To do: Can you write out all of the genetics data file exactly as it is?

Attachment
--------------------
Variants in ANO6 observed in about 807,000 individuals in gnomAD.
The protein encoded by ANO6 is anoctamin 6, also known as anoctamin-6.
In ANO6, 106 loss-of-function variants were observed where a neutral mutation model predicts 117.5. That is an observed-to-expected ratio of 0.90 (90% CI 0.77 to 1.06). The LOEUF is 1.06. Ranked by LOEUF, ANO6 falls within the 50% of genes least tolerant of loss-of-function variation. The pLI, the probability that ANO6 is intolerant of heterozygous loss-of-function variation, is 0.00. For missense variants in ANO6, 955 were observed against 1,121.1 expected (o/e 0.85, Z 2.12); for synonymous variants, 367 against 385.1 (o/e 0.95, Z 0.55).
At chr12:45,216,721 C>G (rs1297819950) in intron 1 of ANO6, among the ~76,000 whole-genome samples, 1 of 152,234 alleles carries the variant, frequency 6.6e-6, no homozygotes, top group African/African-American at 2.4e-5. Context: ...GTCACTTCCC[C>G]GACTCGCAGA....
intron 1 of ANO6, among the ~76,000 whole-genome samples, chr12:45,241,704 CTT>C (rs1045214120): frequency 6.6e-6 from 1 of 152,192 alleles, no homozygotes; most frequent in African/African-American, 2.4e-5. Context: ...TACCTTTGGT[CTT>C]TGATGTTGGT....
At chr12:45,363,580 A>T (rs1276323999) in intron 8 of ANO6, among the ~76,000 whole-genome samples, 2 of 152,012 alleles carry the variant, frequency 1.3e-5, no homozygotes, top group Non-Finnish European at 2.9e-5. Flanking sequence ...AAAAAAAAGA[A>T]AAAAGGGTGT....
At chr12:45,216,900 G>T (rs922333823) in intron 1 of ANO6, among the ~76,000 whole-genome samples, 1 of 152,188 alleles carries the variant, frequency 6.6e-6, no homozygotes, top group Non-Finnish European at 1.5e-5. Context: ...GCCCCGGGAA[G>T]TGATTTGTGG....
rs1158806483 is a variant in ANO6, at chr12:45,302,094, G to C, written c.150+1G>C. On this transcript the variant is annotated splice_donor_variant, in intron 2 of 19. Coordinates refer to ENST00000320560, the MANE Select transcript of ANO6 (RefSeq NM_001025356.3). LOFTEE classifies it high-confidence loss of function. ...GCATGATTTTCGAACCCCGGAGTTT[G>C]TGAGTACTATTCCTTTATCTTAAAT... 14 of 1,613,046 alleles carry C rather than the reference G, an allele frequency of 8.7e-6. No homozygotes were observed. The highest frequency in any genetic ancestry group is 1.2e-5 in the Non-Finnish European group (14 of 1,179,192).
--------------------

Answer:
Variants in ANO6 observed in about 807,000 individuals in gnomAD.
The protein encoded by ANO6 is anoctamin 6, also known as anoctamin-6.
In ANO6, 106 loss-of-function variants were observed where a neutral mutation model predicts 117.5. That is an observed-to-expected ratio of 0.90 (90% CI 0.77 to 1.06). The LOEUF is 1.06. Ranked by LOEUF, ANO6 falls within the 50% of genes least tolerant of loss-of-function variation. The pLI, the probability that ANO6 is intolerant of heterozygous loss-of-function variation, is 0.00. For missense variants in ANO6, 955 were observed against 1,121.1 expected (o/e 0.85, Z 2.12); for synonymous variants, 367 against 385.1 (o/e 0.95, Z 0.55).
At chr12:45,216,721 C>G (rs1297819950) in intron 1 of ANO6, among the ~76,000 whole-genome samples, 1 of 152,234 alleles carries the variant, frequency 6.6e-6, no homozygotes, top group African/African-American at 2.4e-5. Context: ...GTCACTTCCC[C>G]GACTCGCAGA....
intron 1 of ANO6, among the ~76,000 whole-genome samples, chr12:45,241,704 CTT>C (rs1045214120): frequency 6.6e-6 from 1 of 152,192 alleles, no homozygotes; most frequent in African/African-American, 2.4e-5. Context: ...TACCTTTGGT[CTT>C]TGATGTTGGT....
At chr12:45,363,580 A>T (rs1276323999) in intron 8 of ANO6, among the ~76,000 whole-genome samples, 2 of 152,012 alleles carry the variant, frequency 1.3e-5, no homozygotes, top group Non-Finnish European at 2.9e-5. Flanking sequence ...AAAAAAAAGA[A>T]AAAAGGGTGT....
At chr12:45,216,900 G>T (rs922333823) in intron 1 of ANO6, among the ~76,000 whole-genome samples, 1 of 152,188 alleles carries the variant, frequency 6.6e-6, no homozygotes, top group Non-Finnish European at 1.5e-5. Context: ...GCCCCGGGAA[G>T]TGATTTGTGG....
rs1158806483 is a variant in ANO6, at chr12:45,302,094, G to C, written c.150+1G>C. On this transcript the variant is annotated splice_donor_variant, in intron 2 of 19. Coordinates refer to ENST00000320560, the MANE Select transcript of ANO6 (RefSeq NM_001025356.3). LOFTEE classifies it high-confidence loss of function. ...GCATGATTTTCGAACCCCGGAGTTT[G>C]TGAGTACTATTCCTTTATCTTAAAT... 14 of 1,613,046 alleles carry C rather than the reference G, an allele frequency of 8.7e-6. No homozygotes were observed. The highest frequency in any genetic ancestry group is 1.2e-5 in the Non-Finnish European group (14 of 1,179,192).